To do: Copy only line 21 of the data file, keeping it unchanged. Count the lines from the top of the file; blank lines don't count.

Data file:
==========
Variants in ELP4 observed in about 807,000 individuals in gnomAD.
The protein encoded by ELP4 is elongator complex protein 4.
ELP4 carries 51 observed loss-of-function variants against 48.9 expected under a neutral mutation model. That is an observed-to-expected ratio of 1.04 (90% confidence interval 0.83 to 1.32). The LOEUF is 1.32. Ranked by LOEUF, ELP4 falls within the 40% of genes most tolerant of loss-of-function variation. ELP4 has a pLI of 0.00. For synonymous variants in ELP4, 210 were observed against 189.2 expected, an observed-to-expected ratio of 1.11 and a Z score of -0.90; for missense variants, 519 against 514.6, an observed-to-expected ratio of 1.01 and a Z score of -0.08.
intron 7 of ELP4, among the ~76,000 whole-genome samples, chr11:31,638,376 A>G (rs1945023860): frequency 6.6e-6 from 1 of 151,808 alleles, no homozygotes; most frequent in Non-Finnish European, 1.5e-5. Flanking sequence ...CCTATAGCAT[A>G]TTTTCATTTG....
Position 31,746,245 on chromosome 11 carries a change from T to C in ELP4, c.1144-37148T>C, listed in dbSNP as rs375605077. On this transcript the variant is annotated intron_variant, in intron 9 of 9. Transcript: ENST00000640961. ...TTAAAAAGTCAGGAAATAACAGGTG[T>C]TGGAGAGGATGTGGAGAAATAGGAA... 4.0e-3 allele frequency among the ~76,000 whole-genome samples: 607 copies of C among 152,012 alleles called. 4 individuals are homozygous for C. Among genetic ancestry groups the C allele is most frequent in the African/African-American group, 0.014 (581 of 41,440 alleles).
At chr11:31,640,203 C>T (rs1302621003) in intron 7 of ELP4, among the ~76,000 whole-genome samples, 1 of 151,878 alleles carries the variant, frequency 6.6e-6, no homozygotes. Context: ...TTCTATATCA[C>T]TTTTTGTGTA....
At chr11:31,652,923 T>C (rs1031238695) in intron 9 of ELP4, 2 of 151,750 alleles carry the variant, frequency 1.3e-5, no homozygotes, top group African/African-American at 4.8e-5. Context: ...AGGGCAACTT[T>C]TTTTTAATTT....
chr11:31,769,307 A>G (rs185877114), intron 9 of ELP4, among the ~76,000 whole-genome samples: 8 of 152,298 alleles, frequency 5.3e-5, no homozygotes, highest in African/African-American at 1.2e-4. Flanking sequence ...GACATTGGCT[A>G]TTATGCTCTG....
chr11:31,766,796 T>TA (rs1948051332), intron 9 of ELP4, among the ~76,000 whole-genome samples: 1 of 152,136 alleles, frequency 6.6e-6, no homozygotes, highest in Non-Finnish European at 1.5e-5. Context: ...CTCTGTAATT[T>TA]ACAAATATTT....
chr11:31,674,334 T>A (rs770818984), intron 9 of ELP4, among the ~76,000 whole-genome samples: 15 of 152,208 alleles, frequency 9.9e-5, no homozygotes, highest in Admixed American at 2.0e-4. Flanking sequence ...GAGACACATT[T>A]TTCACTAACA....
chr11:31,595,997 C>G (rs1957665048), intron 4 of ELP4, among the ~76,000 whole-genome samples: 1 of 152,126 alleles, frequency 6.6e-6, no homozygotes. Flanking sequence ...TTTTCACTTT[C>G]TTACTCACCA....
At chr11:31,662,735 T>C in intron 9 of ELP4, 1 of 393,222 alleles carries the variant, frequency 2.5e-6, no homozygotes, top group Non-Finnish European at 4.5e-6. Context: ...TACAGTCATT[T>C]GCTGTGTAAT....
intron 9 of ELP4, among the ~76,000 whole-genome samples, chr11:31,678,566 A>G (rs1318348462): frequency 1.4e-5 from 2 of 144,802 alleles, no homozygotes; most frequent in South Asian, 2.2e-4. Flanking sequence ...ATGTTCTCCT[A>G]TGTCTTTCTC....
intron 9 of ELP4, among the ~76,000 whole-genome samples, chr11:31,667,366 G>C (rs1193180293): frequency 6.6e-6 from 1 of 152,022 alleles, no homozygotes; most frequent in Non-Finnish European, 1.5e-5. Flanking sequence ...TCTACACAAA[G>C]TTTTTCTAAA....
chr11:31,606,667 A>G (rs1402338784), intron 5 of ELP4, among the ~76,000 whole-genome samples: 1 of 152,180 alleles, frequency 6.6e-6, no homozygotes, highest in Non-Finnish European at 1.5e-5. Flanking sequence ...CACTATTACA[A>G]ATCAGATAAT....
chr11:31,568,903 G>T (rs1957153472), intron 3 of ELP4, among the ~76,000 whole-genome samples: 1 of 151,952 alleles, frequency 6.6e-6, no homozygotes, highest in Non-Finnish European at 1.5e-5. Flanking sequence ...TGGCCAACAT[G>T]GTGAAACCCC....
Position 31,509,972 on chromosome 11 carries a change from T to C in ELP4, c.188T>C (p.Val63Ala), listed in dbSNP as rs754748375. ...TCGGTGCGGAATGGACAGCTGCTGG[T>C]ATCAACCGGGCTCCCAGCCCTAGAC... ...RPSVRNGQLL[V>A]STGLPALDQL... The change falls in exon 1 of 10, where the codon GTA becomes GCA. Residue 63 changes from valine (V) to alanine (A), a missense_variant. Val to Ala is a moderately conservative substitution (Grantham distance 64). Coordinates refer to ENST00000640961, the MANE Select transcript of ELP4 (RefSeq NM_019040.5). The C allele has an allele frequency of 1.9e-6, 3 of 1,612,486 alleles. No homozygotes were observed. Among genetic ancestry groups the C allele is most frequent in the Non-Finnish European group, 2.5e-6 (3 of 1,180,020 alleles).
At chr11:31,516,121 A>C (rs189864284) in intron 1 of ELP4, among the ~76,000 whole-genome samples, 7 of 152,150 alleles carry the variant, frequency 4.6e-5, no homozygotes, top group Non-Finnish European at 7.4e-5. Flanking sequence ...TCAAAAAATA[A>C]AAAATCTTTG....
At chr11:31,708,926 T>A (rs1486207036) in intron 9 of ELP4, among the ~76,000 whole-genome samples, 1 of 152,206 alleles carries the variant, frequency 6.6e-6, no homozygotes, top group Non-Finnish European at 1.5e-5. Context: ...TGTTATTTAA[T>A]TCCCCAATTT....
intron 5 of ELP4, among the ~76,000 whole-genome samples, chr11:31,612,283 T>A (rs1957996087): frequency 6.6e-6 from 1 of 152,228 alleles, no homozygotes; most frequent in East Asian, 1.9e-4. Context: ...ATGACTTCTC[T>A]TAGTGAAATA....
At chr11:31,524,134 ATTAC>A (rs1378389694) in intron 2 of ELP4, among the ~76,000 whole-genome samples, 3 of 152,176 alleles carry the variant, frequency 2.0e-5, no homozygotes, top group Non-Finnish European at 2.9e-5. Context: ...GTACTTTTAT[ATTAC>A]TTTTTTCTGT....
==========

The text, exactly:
At chr11:31,524,134 ATTAC>A (rs1378389694) in intron 2 of ELP4, among the ~76,000 whole-genome samples, 3 of 152,176 alleles carry the variant, frequency 2.0e-5, no homozygotes, top group Non-Finnish European at 2.9e-5. Context: ...GTACTTTTAT[ATTAC>A]TTTTTTCTGT....